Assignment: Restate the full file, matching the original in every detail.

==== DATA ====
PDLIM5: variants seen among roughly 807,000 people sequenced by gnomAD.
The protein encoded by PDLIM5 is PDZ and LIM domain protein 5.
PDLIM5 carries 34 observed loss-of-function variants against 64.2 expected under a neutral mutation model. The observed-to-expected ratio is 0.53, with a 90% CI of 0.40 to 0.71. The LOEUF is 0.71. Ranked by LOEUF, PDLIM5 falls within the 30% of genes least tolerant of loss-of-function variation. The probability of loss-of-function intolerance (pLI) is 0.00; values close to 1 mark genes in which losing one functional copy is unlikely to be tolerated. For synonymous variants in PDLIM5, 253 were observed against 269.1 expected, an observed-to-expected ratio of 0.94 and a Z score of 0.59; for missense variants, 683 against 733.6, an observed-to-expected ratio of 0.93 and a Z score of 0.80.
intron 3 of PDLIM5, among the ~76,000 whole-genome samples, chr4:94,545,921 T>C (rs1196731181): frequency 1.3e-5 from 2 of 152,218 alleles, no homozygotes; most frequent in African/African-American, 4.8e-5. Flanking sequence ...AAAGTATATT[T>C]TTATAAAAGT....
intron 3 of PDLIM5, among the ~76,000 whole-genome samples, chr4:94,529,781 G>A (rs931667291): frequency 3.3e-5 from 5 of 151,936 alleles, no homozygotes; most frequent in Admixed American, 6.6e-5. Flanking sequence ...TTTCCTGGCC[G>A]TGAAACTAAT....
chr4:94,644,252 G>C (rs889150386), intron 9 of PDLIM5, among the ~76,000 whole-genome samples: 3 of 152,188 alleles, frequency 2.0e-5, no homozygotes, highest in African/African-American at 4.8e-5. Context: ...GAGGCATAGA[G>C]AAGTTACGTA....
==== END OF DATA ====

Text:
PDLIM5: variants seen among roughly 807,000 people sequenced by gnomAD.
The protein encoded by PDLIM5 is PDZ and LIM domain protein 5.
PDLIM5 carries 34 observed loss-of-function variants against 64.2 expected under a neutral mutation model. The observed-to-expected ratio is 0.53, with a 90% CI of 0.40 to 0.71. The LOEUF is 0.71. Ranked by LOEUF, PDLIM5 falls within the 30% of genes least tolerant of loss-of-function variation. The probability of loss-of-function intolerance (pLI) is 0.00; values close to 1 mark genes in which losing one functional copy is unlikely to be tolerated. For synonymous variants in PDLIM5, 253 were observed against 269.1 expected, an observed-to-expected ratio of 0.94 and a Z score of 0.59; for missense variants, 683 against 733.6, an observed-to-expected ratio of 0.93 and a Z score of 0.80.
intron 3 of PDLIM5, among the ~76,000 whole-genome samples, chr4:94,545,921 T>C (rs1196731181): frequency 1.3e-5 from 2 of 152,218 alleles, no homozygotes; most frequent in African/African-American, 4.8e-5. Flanking sequence ...AAAGTATATT[T>C]TTATAAAAGT....
intron 3 of PDLIM5, among the ~76,000 whole-genome samples, chr4:94,529,781 G>A (rs931667291): frequency 3.3e-5 from 5 of 151,936 alleles, no homozygotes; most frequent in Admixed American, 6.6e-5. Flanking sequence ...TTTCCTGGCC[G>A]TGAAACTAAT....
chr4:94,644,252 G>C (rs889150386), intron 9 of PDLIM5, among the ~76,000 whole-genome samples: 3 of 152,188 alleles, frequency 2.0e-5, no homozygotes, highest in African/African-American at 4.8e-5. Context: ...GAGGCATAGA[G>C]AAGTTACGTA....